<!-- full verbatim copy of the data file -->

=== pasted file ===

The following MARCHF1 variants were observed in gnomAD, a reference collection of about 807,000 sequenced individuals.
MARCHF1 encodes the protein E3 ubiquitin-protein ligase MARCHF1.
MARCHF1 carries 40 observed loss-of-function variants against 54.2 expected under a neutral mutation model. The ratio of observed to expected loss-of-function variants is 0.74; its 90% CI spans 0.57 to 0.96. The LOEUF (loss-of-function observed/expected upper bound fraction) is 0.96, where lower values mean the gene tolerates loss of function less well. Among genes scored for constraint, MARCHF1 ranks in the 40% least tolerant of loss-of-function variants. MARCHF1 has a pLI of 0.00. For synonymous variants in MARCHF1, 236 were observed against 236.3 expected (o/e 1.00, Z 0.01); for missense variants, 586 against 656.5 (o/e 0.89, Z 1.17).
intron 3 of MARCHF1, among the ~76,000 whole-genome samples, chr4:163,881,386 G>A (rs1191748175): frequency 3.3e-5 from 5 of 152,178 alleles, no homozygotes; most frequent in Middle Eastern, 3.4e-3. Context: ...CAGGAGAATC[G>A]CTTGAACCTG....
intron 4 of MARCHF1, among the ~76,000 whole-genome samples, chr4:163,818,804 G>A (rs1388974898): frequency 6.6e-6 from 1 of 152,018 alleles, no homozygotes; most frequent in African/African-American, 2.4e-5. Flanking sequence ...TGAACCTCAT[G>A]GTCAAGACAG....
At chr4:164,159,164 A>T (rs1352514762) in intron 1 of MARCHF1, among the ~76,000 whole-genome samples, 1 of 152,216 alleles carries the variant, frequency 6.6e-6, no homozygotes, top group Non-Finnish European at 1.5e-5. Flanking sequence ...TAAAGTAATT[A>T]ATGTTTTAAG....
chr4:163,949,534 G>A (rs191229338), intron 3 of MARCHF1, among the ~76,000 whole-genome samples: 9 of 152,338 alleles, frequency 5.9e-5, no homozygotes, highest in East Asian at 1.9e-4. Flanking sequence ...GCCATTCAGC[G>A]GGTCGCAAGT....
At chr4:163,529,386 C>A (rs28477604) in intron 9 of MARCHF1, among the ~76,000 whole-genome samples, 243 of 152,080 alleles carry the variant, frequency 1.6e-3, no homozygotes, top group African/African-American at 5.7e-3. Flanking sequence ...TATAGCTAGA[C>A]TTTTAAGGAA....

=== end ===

The following MARCHF1 variants were observed in gnomAD, a reference collection of about 807,000 sequenced individuals.
MARCHF1 encodes the protein E3 ubiquitin-protein ligase MARCHF1.
MARCHF1 carries 40 observed loss-of-function variants against 54.2 expected under a neutral mutation model. The ratio of observed to expected loss-of-function variants is 0.74; its 90% CI spans 0.57 to 0.96. The LOEUF (loss-of-function observed/expected upper bound fraction) is 0.96, where lower values mean the gene tolerates loss of function less well. Among genes scored for constraint, MARCHF1 ranks in the 40% least tolerant of loss-of-function variants. MARCHF1 has a pLI of 0.00. For synonymous variants in MARCHF1, 236 were observed against 236.3 expected (o/e 1.00, Z 0.01); for missense variants, 586 against 656.5 (o/e 0.89, Z 1.17).
intron 3 of MARCHF1, among the ~76,000 whole-genome samples, chr4:163,881,386 G>A (rs1191748175): frequency 3.3e-5 from 5 of 152,178 alleles, no homozygotes; most frequent in Middle Eastern, 3.4e-3. Context: ...CAGGAGAATC[G>A]CTTGAACCTG....
intron 4 of MARCHF1, among the ~76,000 whole-genome samples, chr4:163,818,804 G>A (rs1388974898): frequency 6.6e-6 from 1 of 152,018 alleles, no homozygotes; most frequent in African/African-American, 2.4e-5. Flanking sequence ...TGAACCTCAT[G>A]GTCAAGACAG....
At chr4:164,159,164 A>T (rs1352514762) in intron 1 of MARCHF1, among the ~76,000 whole-genome samples, 1 of 152,216 alleles carries the variant, frequency 6.6e-6, no homozygotes, top group Non-Finnish European at 1.5e-5. Flanking sequence ...TAAAGTAATT[A>T]ATGTTTTAAG....
chr4:163,949,534 G>A (rs191229338), intron 3 of MARCHF1, among the ~76,000 whole-genome samples: 9 of 152,338 alleles, frequency 5.9e-5, no homozygotes, highest in East Asian at 1.9e-4. Flanking sequence ...GCCATTCAGC[G>A]GGTCGCAAGT....
At chr4:163,529,386 C>A (rs28477604) in intron 9 of MARCHF1, among the ~76,000 whole-genome samples, 243 of 152,080 alleles carry the variant, frequency 1.6e-3, no homozygotes, top group African/African-American at 5.7e-3. Flanking sequence ...TATAGCTAGA[C>A]TTTTAAGGAA....